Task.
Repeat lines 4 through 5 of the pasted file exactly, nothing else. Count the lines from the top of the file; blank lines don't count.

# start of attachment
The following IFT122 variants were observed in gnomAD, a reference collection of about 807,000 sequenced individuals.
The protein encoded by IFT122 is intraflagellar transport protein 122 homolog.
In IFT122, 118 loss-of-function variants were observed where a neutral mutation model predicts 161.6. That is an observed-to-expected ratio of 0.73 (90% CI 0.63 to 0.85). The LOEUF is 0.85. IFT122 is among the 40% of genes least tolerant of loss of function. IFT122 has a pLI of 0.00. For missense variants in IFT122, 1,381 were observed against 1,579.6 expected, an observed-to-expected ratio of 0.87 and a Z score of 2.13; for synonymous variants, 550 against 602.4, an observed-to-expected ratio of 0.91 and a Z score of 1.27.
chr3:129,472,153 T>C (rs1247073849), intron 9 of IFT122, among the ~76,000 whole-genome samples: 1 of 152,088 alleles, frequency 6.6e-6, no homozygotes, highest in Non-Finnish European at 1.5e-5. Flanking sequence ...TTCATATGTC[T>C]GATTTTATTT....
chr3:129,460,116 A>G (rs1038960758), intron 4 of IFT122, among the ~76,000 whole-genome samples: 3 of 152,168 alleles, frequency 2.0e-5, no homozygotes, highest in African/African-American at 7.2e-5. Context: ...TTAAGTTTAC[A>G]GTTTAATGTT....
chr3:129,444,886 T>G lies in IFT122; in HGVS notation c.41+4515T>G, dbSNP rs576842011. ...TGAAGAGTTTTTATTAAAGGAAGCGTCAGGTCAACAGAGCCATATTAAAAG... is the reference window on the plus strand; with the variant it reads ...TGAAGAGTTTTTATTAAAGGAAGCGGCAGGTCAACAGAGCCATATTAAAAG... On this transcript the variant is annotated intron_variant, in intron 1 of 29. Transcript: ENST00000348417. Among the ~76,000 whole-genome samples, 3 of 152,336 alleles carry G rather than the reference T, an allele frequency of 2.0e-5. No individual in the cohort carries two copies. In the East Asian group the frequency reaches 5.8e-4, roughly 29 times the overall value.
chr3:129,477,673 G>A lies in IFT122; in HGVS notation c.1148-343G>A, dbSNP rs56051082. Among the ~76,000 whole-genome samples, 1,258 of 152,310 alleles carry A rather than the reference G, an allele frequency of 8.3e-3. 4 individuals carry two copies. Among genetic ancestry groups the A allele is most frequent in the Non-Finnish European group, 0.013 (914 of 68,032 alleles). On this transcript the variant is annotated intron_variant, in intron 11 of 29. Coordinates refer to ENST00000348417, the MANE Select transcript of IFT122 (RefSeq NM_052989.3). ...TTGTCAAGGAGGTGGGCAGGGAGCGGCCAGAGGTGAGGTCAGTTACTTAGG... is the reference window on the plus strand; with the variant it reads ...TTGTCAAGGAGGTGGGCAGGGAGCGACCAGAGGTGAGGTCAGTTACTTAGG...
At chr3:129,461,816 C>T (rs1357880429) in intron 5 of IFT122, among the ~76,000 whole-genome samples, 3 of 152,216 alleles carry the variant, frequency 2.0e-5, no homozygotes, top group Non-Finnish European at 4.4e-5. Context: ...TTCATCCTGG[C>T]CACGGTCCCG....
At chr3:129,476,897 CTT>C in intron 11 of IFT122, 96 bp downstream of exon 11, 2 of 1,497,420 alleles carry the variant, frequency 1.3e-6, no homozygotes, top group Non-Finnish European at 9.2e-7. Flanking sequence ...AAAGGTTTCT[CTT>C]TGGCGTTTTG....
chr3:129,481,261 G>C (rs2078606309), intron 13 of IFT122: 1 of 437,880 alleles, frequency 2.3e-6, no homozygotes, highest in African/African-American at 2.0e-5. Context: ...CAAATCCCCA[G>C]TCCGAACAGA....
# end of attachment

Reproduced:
chr3:129,472,153 T>C (rs1247073849), intron 9 of IFT122, among the ~76,000 whole-genome samples: 1 of 152,088 alleles, frequency 6.6e-6, no homozygotes, highest in Non-Finnish European at 1.5e-5. Flanking sequence ...TTCATATGTC[T>C]GATTTTATTT....
chr3:129,460,116 A>G (rs1038960758), intron 4 of IFT122, among the ~76,000 whole-genome samples: 3 of 152,168 alleles, frequency 2.0e-5, no homozygotes, highest in African/African-American at 7.2e-5. Context: ...TTAAGTTTAC[A>G]GTTTAATGTT....